Watching the movie about Temple inspired me to listen to this book. I felt the book was excellent for giving a person insight into autism if you know of someone that has autism. It helped me to better understand why they do what they do. If we can understand their perspective on things, we can work together to accomplish any task, rather than being frustrated that they don't communicate 'my way'.
Where much of Ender's Game was action this was cerebral, speculating the nature of existence, life, intelligence, and freewill. Not a light read or something to undertake if you are going to be distracted.
It was an interesting story, but ended up leaving you hanging. Even if there were a sequel I would have liked a more satisfying end to this one.
Not a 'great' story. The first hour had me thinking, 'Puhleese!' and get off the cliches. The main character doesn't do things that one might think obvious, but you find out later that it was written this way to make the story go the way of the writers objective. I gave it one more hour and it got better.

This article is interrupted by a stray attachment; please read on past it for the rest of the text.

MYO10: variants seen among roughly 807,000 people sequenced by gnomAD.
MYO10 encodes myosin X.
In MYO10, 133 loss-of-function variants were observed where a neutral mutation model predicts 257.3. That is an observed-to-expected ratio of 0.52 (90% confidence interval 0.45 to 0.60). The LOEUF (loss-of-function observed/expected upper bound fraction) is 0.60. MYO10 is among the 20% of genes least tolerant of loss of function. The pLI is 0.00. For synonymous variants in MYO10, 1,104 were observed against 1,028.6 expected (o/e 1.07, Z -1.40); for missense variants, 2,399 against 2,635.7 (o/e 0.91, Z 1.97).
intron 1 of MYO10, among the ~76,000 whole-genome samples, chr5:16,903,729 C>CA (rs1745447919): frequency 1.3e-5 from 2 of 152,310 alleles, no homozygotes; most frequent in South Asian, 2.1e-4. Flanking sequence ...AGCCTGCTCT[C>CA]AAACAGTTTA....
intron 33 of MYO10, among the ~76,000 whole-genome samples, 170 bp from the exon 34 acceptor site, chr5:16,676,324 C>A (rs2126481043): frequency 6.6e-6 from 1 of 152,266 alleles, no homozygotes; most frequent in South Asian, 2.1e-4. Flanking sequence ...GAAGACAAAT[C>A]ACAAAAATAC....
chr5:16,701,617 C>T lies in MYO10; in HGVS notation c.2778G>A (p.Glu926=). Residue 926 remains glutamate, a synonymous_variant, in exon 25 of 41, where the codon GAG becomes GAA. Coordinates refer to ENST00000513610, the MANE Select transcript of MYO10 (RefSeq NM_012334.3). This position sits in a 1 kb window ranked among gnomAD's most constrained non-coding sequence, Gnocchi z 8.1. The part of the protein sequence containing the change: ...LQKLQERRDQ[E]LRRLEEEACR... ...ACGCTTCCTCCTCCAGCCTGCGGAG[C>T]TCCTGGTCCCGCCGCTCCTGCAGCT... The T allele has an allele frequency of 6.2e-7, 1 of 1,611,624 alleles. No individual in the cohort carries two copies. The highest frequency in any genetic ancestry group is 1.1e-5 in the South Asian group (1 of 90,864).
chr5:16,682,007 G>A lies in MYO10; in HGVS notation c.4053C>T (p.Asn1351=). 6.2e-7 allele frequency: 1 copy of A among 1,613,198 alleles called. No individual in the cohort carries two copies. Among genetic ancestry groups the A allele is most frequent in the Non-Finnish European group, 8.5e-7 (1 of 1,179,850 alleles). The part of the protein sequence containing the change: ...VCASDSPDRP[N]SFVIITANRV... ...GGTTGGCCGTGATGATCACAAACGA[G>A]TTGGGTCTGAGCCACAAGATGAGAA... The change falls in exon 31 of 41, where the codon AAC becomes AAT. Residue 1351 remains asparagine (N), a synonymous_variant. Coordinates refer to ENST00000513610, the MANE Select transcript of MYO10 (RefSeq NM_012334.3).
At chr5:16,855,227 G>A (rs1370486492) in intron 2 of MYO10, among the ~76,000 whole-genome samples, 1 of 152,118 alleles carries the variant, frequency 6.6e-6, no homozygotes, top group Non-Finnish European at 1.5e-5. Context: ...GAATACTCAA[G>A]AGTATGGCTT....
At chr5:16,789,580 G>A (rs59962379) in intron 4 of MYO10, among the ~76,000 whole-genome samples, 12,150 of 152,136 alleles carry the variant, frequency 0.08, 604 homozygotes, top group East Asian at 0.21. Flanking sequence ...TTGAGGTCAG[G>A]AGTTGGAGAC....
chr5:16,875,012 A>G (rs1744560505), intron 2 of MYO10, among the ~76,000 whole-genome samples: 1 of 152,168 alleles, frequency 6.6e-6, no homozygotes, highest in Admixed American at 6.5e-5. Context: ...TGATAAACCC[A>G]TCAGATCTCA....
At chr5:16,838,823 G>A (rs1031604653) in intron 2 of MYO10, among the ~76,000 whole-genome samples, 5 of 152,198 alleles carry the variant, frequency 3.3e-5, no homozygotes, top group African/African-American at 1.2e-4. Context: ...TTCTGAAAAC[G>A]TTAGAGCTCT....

I was very disappointed in the narrator. He can apparently do only two voices; American and Hispanic. All Americans sound the same (male or female) and all Hispanics sound the same (male or female), so it is difficult to follow conversations between characters.
I was very interested to see a historical account of the coming-of-age, so to speak, of the nation of Israel. I gave this book a 3 because of the dryness of the writing. This story is like reading a history book; even the exciting battle scenes are stated matter-of-fact. I liked that the author brought in other current events of the time; other things that gave hints as to the mindset of the rest of the world. I enjoyed that the reader is an older gentleman. It gives the sound that the author, in his 80's, is narrating.
All in all, I found the content interesting, but the delivery very dry.
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